The digital currencies, and the taxation related to them
After a long period in which tax authorities around the world did not know how to deal with the whole issue of digital currencies, and the taxation related to them, the Israel Tax Authority published an income tax draft in January 2018 and followed this up this month (July 2018) with a professional circular regulating the issue of digital tokens, services and/or products under development (Utility Tokens) – Circular No. 7/2018 This circular deals with the issuance of ICO and the tax implications that apply to the issuance of these tokens to employees and service providers.
The following background is an excerpt from 7/2018:
The issuance of digital tokens (ICO) is a common way of raising funds for business ventures, with the issue and tracking of transactions usually carried out in a technology called blockchain. This technology enables the existence of business operations in a secure and encrypted manner on the network, while validating the transactions that are carried out and without the need to manage a central entity. The use of technology is channeled to the issuance of cryptographic chips (digital currencies) and can be divided into several types:
The first two types are Bitcoin and Ethereum whose issuance are not carried out by a single entity and their value is determined in transactions between sellers and buyers. (For example, the right to receive future profits) The third type is a token issued through one central entity, which obliges the issuer to provide a service, or a right to future products currently under development for those who hold these tokens. Tokens of the latter type are defined by the Income Tax Authority as “product and service registrations”, and the Authority relates only to them, both in the draft circular at the beginning of the year and in the circular published this month.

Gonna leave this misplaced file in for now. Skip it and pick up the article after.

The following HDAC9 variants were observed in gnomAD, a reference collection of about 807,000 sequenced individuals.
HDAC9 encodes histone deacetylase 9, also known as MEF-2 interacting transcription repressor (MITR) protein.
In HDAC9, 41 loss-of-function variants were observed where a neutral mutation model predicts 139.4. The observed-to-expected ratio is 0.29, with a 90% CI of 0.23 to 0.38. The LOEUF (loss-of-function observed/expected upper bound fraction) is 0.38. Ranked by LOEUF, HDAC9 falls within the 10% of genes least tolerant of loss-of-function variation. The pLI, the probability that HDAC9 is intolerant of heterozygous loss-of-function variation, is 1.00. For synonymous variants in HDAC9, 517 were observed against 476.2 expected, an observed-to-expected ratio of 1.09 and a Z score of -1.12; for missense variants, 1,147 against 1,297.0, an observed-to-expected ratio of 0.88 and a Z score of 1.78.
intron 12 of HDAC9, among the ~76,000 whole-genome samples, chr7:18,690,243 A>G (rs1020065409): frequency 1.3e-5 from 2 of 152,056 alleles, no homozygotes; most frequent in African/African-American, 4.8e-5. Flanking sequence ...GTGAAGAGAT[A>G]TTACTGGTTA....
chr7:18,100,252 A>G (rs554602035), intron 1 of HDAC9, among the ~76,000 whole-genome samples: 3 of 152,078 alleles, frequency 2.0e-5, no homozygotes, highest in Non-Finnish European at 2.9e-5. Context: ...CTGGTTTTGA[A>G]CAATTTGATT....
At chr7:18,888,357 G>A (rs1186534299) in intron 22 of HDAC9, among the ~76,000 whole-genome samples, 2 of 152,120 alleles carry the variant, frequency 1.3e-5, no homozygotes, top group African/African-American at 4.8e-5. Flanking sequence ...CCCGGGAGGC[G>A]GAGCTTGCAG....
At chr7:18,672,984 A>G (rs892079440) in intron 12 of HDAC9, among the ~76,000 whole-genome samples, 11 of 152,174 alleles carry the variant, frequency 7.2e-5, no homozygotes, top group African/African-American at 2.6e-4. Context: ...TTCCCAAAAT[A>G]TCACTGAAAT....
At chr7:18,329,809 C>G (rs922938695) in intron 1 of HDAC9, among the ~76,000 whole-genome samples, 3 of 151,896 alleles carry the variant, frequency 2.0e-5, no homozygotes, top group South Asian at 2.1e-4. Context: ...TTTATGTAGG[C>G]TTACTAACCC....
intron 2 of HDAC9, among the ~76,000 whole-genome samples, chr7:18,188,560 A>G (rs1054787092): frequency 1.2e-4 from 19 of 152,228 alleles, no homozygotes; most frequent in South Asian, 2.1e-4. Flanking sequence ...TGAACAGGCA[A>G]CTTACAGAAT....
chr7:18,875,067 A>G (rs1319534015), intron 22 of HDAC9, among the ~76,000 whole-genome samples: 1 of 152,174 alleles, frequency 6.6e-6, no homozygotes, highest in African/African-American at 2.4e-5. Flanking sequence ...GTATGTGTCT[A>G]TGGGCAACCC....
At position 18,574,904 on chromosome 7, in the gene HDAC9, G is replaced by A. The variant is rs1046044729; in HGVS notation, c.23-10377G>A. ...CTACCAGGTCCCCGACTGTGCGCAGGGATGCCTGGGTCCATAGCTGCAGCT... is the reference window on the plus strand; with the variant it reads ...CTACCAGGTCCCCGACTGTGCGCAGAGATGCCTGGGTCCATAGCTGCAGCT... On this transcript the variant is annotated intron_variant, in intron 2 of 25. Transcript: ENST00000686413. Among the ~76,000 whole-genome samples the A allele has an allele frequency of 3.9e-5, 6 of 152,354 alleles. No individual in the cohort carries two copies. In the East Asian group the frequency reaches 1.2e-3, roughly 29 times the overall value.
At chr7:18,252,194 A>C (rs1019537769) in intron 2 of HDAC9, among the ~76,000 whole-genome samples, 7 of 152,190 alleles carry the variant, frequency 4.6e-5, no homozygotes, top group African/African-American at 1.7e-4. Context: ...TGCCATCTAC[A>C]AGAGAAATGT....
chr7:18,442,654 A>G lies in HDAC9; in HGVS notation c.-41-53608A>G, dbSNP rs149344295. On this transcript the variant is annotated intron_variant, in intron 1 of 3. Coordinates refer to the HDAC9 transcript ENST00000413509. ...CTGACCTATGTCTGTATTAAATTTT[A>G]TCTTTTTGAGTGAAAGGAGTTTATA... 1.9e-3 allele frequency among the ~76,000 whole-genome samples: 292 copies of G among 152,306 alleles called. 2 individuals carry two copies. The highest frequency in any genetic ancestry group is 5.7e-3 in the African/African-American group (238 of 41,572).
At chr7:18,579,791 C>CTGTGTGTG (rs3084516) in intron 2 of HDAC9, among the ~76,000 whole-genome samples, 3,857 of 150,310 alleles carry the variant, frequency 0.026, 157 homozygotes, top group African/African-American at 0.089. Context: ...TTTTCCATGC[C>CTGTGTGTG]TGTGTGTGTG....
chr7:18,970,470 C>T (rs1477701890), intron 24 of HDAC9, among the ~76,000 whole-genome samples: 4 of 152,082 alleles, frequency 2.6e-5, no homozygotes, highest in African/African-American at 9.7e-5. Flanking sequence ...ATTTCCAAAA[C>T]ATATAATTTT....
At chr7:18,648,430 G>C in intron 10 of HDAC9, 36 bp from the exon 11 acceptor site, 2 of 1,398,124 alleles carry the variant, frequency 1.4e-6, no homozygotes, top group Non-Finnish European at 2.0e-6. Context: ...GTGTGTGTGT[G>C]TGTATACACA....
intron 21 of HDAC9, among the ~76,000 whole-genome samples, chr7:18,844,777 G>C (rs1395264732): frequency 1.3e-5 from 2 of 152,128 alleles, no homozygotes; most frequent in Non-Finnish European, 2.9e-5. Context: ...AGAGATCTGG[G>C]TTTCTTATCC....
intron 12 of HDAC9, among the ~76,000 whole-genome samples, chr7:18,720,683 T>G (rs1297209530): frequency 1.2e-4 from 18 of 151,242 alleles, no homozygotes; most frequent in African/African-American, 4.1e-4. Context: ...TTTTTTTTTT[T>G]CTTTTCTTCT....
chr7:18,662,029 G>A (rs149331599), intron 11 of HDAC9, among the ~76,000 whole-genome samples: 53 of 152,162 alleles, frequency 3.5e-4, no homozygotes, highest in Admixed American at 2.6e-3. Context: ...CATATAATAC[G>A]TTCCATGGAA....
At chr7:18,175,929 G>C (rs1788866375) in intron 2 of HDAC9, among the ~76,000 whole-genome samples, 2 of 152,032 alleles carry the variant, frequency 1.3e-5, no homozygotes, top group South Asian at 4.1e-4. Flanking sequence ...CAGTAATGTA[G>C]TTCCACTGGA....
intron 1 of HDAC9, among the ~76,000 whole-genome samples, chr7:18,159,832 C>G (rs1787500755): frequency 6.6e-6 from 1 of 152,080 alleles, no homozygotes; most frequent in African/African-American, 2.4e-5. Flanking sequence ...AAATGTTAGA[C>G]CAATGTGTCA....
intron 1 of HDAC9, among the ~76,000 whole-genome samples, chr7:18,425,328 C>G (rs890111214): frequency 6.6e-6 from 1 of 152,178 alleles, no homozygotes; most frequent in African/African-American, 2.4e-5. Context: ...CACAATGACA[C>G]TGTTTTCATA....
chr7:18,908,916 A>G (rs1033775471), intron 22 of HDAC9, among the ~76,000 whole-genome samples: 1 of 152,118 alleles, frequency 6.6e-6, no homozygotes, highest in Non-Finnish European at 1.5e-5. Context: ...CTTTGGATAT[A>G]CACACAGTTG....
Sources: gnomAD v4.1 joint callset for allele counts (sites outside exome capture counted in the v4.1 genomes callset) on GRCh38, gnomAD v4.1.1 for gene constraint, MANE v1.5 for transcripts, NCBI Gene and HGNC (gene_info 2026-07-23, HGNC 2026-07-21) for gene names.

Summary of Income Tax Position on ICO – Taxation of Digital Coin Issues:
It appears that the Tax Authority has only begun to base its taxation rules on the allocation of tokens to employees and service providers, and currently allows for a tax route that allows for the postponement of the tax payment until the actual “receiving of the money” through income or allotment of shares to employees. This is similar to the postponement of the tax provided in Section 102 of the Income Tax Ordinance – the company can elect one of the taxation routes for the allotment of shares to employees – i.e. through a trustee, a labor/income route or a capital gains route. However, unlike the capital route referred to in this section, regarding the taxation of the issue of digital currencies, the Authority does not grant a reduction in the tax rate.
Unless the transaction falls into “The Encouragement of Capital Investments Law”, the Company will be required to check its compliance with the conditions prescribed on the basis of its material business activity at the date of actual recognition for tax purposes.
Since this is apparently only the opening shot of the Tax Authority, there is no doubt that additional changes are expected in the near future, therefore, professional guidance in the field of taxation is required for anyone involved in this field.
It should be emphasized that this publication does not constitute a substitute for professional advice.
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